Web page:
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Good morning bloggers,
- WINTER STORM WARNING across northwestern Missouri and northeastern Kansas (This is north of Kansas City)
- Winter Weather Advisory for the KC metro area and surrounding communities
Winter Storm Time-line:
- Today: Cloudy with a chance of a few rain showers. High: 45°
- 6 PM-Midnight: Scattered showers with a chance of a thunderstorm. The rain/snow changeover line will be northwest of a St. Joseph, MO to Manhattan, KS line & drifting southeast. Temperatures staying above 32° in most areas.
- Midnight-4 AM: Rain changes to snow and becomes heavy at times late in this period. Temperatures will drop to below freezing with increasing winds as the snow begins to fall.
- 4 AM-9 AM Thursday: A 100% chance of snow in all locations with near blizzard conditions possible across northern Missouri and northeastern Kansas. 30 to 50 mph winds from the northwest will be increasing and spreading across the local region. Snowfall accumulations of 4″ to 7″ will be possible north of Kansas City. 1″ to 4″ of snow possible in the Kansas City metro area. And, a dusting to 2″ possible farther south and southeast of Kansas City. The map is posted below
Weather Summary:A powerful storm will be intensifying over the plains tonight and Thursday. This will have major impacts on many locations from Kansas and Colorado northeast across parts of Missouri, Nebraska and Iowa extending into Wisconsin, Illinois and other Great Lakes states. It will then affect the northeastern United States for a few days with rain, wind, and snow. Major Lake-Effect snow will also develop in the wake of this powerful storm that is directly related to the part of the weather pattern, as described by the LRC, that produced Superstorm Sandy. The Kansas City viewing area will be impacted by this major winter storm later tonight and Thursday as it intensifies over Missouri early Thursday morning.
This first map shows the beginning of this storm organizing as it moves out into the plains states this evening:
A blizzard will be developing this evening over parts of western Kansas & eastern Colorado extending into southern Nebraska. Kansas City may see a few rain showers and maybe even a thunderstorm, more likely off to our east, this evening. This storm is then forecast to intensify and, as you can see below on this next map, snow will potentially be heavy for two to three hours as the storm intensifies and tracks across Missouri. There may be a brief period of sleet as the rain changes to snow by around 3 or 4 AM Thursday.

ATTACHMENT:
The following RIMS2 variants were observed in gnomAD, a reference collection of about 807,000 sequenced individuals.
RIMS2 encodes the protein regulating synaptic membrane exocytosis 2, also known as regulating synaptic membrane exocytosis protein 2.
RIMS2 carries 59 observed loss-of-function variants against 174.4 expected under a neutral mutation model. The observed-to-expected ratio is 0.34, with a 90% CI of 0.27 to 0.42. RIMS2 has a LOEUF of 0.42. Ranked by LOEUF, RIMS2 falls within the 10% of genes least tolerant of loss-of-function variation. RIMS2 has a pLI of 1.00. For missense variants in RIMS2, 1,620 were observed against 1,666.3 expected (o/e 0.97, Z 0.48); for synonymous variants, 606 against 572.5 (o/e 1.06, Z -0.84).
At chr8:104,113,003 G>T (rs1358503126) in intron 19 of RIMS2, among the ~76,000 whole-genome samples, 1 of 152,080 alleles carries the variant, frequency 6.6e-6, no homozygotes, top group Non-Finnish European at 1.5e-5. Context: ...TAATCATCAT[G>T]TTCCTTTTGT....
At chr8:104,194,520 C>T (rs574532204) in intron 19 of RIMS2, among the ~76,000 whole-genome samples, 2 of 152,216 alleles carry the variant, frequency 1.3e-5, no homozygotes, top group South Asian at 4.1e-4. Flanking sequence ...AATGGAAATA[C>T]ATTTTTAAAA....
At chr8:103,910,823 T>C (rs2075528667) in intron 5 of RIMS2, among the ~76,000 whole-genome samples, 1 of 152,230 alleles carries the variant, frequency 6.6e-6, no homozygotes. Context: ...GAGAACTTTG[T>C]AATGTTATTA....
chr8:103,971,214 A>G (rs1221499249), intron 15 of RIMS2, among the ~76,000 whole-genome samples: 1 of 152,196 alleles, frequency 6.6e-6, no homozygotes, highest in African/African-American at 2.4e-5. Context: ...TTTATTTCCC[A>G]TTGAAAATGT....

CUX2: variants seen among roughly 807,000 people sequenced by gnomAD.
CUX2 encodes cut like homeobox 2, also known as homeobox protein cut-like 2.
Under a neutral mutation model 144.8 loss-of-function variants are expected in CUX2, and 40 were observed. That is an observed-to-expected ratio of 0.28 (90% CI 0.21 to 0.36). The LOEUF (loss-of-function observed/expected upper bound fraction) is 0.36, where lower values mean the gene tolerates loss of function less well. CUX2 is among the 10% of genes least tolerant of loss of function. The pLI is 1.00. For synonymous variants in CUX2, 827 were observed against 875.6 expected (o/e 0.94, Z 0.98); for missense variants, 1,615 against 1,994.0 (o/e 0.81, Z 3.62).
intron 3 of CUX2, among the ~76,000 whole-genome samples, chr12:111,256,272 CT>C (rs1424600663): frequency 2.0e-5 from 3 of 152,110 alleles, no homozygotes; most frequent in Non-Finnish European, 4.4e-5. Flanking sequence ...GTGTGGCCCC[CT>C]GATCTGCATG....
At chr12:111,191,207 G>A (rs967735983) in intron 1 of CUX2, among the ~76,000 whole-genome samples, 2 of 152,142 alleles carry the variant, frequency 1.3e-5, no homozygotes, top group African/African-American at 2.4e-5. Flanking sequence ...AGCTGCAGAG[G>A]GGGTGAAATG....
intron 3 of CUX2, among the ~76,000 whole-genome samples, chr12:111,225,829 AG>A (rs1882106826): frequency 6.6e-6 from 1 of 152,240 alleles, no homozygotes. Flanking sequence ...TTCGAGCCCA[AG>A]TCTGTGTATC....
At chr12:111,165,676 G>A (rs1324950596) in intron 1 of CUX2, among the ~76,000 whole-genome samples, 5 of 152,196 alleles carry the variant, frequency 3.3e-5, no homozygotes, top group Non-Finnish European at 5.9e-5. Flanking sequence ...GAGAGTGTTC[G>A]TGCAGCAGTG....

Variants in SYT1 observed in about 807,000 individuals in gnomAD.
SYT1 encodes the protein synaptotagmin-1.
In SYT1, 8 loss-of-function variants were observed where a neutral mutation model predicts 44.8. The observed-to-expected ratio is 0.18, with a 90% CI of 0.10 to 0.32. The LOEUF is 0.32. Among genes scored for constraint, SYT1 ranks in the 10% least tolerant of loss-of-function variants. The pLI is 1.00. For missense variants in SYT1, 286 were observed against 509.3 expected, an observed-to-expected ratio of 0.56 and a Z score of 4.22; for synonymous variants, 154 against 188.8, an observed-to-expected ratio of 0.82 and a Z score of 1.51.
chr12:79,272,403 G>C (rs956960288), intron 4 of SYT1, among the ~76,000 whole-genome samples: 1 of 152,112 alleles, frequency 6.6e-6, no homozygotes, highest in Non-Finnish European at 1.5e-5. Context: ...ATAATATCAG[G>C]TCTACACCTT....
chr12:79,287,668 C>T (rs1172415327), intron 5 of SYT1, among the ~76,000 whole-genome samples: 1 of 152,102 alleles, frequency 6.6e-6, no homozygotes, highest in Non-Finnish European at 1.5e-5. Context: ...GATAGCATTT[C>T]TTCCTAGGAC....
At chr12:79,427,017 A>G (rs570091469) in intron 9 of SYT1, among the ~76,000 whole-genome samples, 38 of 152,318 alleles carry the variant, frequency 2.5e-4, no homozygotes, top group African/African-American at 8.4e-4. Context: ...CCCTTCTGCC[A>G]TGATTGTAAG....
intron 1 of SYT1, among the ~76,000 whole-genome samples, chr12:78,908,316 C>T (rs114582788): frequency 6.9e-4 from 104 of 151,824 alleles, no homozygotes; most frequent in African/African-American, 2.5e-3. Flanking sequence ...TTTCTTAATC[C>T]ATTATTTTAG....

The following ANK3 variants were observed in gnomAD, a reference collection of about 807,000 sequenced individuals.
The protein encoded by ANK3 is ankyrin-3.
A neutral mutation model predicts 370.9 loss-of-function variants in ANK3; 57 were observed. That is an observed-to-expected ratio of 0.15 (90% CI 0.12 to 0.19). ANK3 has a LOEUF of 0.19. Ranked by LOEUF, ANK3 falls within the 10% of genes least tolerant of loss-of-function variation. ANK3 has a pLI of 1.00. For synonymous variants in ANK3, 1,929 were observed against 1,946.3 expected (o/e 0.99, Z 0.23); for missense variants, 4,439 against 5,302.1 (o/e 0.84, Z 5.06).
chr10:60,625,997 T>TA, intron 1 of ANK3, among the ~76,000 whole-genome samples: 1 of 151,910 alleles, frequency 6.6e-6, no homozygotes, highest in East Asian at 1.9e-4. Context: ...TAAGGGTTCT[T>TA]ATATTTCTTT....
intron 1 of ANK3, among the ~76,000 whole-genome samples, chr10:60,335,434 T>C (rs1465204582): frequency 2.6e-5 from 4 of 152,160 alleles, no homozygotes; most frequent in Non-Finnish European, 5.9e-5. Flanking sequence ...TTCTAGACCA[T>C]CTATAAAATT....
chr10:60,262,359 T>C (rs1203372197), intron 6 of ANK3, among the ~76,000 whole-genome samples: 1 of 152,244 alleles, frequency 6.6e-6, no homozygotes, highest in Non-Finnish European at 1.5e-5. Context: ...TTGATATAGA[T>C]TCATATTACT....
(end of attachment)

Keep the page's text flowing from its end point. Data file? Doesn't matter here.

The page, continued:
Near blizzard conditions are possible by the morning rush hour Thursday and it may be difficult to measure the snow in some areas as it will likely be blowing around with winds gusting to over 40 mph, and possibly as strong as 50 mph. We rarely have winds that strong with snow in our area. If we end up with 2 or more inches of snow then the travel conditions will be much worse. Here is our snowfall forecast as of early this morning. We will update this forecast as we gather more information and this storm comes more into focus this afternoon and evening.
The new data coming out this morning is consistent with what it has been showing and our confidence in this forecast is strong.
Let’s take a look at the evolution of this storm that is taking place right now. This map, on the left, shows the vorticity maximum (Vort Max) located over the northern Texas Panhandle by 6 PM tonight. This is going to actually strengthen and track southeast of Kansas City which will place us in about a 3 to 4 hour period of rather significant snowfall from the lifting near the comma head of this storm.
By midnight the vort max is forecast to track across northern Oklahoma and that little circle near Wichita shows a small upper level low developing. This storm is now going through the expected intensification as the trough becomes negatively tilted. If this happens and develops as forecast by this morning’s NAM model, then we would be in that wide band of snow during the early morning rush hour.
On this next map, you can now see the storm becoming negatively tilted. I drew in a dashed black line showing the north northwest to south southeast tilt of the storm which means it is becoming more energetic an maturing into an even stronger system as it crosses the Kansas/Missouri border. We would fully be in the comma head at this time, but as the trough zips by the precipitation would likely cut off by mid to late morning.
Here is the simulated reflectivity at 6 AM from the NAM model. The blue shade is snow and the green shade is rain. As you can see there isn’t any freezing rain with this system. The little red dots show some sleet. We may have a brief period of sleet as this system moves in.
The other part of this storm, which may be quite significant, is the wind. Take a look at the surface map valid at 6 AM Thursday:
The strong surface low, that is being generated by the negatively tilted upper level storm, is just northwest of St. Louis. It may be 60 degrees in St. Louis at 6 AM while we drop into the 20s here in Kansas City. It will be quite a strong temperature gradient. And, speaking of gradients, those solid black lines are isobars. And they are quite close together near Kansas City, in fact I think the strongest pressure gradient is right here at 6 AM. This would imply that we will have nearly 50 mph winds for a while tomorrow morning causing blowing and drifting of the snow with a potential ground blizzard.
We will go over these details on 41 Action News today and tonight. Please remember to follow the rules of the blog!
Thank you for spending a few minutes of your day reading the Action Weather Blog! Let us know if you have any questions or comments as this storm moves through during the next 24 hours. Check back in for a weather blog update later this afternoon or evening.